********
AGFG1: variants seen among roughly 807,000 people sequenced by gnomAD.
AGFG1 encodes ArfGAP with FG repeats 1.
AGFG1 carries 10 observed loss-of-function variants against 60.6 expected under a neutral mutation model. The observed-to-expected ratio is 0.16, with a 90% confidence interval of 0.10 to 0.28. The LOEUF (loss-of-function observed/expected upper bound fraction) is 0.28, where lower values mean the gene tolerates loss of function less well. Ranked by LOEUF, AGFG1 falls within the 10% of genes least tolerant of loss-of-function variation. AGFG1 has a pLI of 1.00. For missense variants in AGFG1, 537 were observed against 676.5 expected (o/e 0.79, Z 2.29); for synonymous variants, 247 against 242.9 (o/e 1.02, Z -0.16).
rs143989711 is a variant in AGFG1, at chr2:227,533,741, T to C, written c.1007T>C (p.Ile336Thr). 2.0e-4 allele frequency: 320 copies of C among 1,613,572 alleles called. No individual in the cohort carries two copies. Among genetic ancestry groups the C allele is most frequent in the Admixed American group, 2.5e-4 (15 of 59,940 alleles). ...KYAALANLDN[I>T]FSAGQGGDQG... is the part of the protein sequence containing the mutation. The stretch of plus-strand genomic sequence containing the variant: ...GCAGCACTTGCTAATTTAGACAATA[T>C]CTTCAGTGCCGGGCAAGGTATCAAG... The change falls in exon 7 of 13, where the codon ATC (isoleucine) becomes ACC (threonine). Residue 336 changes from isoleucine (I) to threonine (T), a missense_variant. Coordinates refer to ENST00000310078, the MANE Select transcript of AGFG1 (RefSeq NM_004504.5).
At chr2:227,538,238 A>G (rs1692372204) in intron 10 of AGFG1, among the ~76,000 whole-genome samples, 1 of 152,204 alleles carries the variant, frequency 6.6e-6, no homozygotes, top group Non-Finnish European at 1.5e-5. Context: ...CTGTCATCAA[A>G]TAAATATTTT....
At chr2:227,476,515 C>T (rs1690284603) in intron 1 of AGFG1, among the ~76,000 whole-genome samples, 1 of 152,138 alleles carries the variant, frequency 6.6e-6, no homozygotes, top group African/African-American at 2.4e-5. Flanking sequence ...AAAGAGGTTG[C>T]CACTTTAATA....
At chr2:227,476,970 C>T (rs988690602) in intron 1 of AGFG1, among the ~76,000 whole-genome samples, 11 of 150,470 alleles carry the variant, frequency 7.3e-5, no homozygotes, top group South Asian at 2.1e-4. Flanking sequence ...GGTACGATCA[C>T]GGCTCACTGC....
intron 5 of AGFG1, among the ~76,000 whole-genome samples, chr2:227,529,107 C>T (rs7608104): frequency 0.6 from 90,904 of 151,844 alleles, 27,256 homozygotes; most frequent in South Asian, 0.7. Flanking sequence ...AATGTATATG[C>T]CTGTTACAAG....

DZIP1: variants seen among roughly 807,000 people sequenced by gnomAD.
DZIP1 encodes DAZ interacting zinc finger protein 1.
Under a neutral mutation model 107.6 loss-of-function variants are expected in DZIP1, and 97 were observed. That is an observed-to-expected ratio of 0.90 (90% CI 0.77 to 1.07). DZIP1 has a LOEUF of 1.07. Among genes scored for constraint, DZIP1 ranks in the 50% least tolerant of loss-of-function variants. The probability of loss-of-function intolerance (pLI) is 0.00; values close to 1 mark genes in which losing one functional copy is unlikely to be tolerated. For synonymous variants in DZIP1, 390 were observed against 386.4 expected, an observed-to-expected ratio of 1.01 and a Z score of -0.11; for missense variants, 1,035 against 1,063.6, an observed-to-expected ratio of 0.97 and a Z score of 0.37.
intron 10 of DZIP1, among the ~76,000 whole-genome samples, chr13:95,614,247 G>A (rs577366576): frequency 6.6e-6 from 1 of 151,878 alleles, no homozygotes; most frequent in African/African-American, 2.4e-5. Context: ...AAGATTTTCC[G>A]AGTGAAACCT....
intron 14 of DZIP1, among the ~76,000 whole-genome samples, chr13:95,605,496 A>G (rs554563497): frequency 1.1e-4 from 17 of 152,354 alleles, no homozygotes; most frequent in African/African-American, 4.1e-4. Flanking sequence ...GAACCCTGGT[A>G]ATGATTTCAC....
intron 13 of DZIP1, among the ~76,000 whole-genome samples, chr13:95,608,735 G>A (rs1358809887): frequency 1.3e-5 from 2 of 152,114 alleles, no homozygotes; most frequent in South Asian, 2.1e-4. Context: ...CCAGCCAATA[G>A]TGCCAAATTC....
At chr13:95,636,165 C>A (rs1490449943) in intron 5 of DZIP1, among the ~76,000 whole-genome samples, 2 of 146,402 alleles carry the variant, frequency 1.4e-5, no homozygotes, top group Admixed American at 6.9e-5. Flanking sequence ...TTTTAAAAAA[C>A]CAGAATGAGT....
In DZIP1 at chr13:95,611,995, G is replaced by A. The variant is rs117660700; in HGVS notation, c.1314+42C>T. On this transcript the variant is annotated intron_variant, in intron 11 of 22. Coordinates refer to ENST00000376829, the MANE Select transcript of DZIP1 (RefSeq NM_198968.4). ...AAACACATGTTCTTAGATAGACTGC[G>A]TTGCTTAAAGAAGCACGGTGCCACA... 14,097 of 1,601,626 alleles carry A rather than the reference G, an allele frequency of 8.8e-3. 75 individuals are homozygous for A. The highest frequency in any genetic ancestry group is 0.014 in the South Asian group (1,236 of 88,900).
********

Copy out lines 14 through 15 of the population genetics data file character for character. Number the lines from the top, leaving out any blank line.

intron 13 of DZIP1, among the ~76,000 whole-genome samples, chr13:95,608,735 G>A (rs1358809887): frequency 1.3e-5 from 2 of 152,114 alleles, no homozygotes; most frequent in South Asian, 2.1e-4. Context: ...CCAGCCAATA[G>A]TGCCAAATTC....
At chr13:95,636,165 C>A (rs1490449943) in intron 5 of DZIP1, among the ~76,000 whole-genome samples, 2 of 146,402 alleles carry the variant, frequency 1.4e-5, no homozygotes, top group Admixed American at 6.9e-5. Flanking sequence ...TTTTAAAAAA[C>A]CAGAATGAGT....